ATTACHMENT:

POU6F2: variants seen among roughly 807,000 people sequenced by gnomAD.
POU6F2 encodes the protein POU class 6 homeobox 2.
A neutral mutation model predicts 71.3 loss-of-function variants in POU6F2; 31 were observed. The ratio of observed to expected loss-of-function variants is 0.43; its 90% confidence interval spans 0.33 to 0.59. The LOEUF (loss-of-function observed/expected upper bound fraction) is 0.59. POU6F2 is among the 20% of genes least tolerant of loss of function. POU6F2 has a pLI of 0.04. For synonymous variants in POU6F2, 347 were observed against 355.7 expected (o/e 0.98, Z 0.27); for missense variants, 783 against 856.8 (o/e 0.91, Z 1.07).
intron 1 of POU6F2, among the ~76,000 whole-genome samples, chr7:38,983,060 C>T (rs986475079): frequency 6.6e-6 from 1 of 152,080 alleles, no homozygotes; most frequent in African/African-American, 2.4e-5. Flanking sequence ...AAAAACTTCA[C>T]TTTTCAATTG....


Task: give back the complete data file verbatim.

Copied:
POU6F2: variants seen among roughly 807,000 people sequenced by gnomAD.
POU6F2 encodes the protein POU class 6 homeobox 2.
A neutral mutation model predicts 71.3 loss-of-function variants in POU6F2; 31 were observed. The ratio of observed to expected loss-of-function variants is 0.43; its 90% confidence interval spans 0.33 to 0.59. The LOEUF (loss-of-function observed/expected upper bound fraction) is 0.59. POU6F2 is among the 20% of genes least tolerant of loss of function. POU6F2 has a pLI of 0.04. For synonymous variants in POU6F2, 347 were observed against 355.7 expected (o/e 0.98, Z 0.27); for missense variants, 783 against 856.8 (o/e 0.91, Z 1.07).
intron 1 of POU6F2, among the ~76,000 whole-genome samples, chr7:38,983,060 C>T (rs986475079): frequency 6.6e-6 from 1 of 152,080 alleles, no homozygotes; most frequent in African/African-American, 2.4e-5. Flanking sequence ...AAAAACTTCA[C>T]TTTTCAATTG....